sliced tofu simmered daikon

Now everything is prepped and we’re ready to start cooking. One of the great things about Simmered Kiriboshi Daikon is that once the prep work is done, the cooking is mostly hands off. Just put everything along with the ingredients for the broth in the pot and let heat and time do its thing.

broth simmered kiriboshi daikon

Kiriboshi daikon has a toothsome but tender texture when done. It will not cook into a melt in your mouth feel. This makes a good amount that refrigerates well. You can reheat leftovers or just eat it straight out of the fridge.

I love to make meals out of veggie sides any time of year, and it’s especially useful when meal planning for Veganaury. While the Simmered Kiriboshi Daikon is cooking, steam some rice and roast some Maple Miso Glazed Squash and throw together my Korean Cucumber Salad. In less than an hour, you will have a vegan feast full of exciting textures and flavors that will make you think, “Oh yeah, I can definitely eat like this for at least a month”.

Are you doing Veganaury this year? Drop a comment and let me know, and of course remember to tag us in all your glorious food pics @funkyasiankitchen, we love hearing from you!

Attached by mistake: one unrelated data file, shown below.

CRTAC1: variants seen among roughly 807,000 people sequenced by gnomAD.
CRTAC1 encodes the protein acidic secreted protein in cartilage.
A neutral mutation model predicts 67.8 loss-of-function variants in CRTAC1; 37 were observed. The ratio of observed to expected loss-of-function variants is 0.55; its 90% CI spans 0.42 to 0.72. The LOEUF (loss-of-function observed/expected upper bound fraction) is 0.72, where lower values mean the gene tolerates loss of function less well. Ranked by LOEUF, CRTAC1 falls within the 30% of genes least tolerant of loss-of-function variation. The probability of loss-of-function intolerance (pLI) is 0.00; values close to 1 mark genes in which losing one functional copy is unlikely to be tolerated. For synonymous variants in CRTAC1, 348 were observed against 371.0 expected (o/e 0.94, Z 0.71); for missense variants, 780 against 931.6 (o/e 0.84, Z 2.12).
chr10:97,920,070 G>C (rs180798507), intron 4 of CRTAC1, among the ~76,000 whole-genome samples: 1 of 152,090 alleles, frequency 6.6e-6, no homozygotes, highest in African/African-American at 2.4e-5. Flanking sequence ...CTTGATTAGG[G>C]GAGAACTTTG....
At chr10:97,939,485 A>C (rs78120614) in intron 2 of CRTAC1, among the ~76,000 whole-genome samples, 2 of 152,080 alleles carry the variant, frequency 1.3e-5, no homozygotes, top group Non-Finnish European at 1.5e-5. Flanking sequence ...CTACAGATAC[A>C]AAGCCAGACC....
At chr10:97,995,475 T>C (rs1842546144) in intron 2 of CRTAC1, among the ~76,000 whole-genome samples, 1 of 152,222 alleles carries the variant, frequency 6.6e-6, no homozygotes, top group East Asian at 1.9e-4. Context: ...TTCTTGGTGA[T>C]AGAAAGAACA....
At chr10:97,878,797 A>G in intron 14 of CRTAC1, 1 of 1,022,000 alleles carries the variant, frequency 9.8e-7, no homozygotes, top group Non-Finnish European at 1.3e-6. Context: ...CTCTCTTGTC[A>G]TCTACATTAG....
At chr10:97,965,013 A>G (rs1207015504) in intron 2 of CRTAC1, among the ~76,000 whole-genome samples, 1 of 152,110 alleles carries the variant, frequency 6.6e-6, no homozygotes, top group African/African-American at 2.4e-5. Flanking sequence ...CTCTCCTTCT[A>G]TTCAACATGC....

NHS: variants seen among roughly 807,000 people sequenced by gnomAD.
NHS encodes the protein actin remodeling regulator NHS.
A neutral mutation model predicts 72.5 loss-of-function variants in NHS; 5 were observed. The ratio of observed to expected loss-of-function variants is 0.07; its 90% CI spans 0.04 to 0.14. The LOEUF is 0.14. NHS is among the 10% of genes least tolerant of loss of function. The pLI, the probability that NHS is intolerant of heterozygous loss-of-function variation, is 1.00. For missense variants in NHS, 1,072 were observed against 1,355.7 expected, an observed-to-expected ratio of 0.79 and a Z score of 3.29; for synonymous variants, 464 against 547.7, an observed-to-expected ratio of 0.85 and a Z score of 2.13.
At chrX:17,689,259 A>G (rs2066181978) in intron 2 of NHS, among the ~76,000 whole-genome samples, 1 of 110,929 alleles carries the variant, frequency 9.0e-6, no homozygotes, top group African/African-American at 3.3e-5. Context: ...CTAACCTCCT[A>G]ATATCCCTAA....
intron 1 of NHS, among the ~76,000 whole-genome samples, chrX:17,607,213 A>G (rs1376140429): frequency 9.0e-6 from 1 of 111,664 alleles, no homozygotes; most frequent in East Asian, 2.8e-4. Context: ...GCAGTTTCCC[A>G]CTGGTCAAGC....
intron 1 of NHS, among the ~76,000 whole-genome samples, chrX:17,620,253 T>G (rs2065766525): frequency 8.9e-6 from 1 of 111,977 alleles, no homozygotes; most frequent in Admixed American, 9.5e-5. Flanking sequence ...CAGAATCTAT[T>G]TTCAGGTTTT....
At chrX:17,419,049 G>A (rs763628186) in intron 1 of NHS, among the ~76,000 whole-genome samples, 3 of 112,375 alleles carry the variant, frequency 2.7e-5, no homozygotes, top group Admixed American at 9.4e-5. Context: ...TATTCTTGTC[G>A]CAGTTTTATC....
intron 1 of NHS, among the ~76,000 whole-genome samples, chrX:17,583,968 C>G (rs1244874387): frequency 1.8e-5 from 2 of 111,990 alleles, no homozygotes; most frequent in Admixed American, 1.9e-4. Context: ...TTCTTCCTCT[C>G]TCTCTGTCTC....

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recipe care kiriboshi daikon

Simmered Kiriboshi Daikon

  • Author: Funky Asian Kitchen
  • Prep Time: 15 minutes
  • Cook Time: 30m minutes
  • Total Time: 0 hours
  • Yield: serves 4-6 1x


  • 5060g (1 small package) kiriboshi daikon 
  • 3 cups boiling water (for soaking daikon)
  • 1 small carrot, cut into matchsticks
  • 6 pieces fresh shiitake mushrooms
  • ½ fried tofu cutlet (about 3 ounces)
  • 2 Tablespoons neutral oil


  • 1 ½ cups shiitake/kombu stock or vegetable stock
  • ½ cup reserved soaking water  
  • ¼ cup soy sauce
  • 3 Tablespoons mirin
  • 1 teaspoon sugar
  • 2 Tablespoons sake


  1. Trim the stem from the shiitakes and discard. Slice the shiitakes into thin pieces. 
  2. Put the kiriboshi daikon in a colander and rinse under running water.
  3. Put the washed daikon into a medium bowl and cover with water. Rehydrate for 20 minutes. (It will quadruple in volume). Save ½ cup of the soaking liquid, and squeeze the water out of the soaked daikon. Cut the daikon into thirds so it is not so long.
  4. Cut the tofu cutlet in half horizontally into 2 thinner pieces. Then cut it into thin strips.
  5. Heat oil in a large saucepan over medium high heat. Add carrots, shiitake mushroom, and kiriboshi daikon to the saucepan and sauté for 2-3 minutes.
  6. Add tofu strips and stir. Add the Broth ingredients to the saucepan, mix and bring it to a boil.
  7. Reduce the heat to medium, and simmer for about 15-20 minutes, stirring several times until only a small amount of liquid remains. The daikon will have cooked to a toothsome tender texture.
  8. Serve immediately. 


*This dish is just as good hot, room temperature, or cold from the fridge.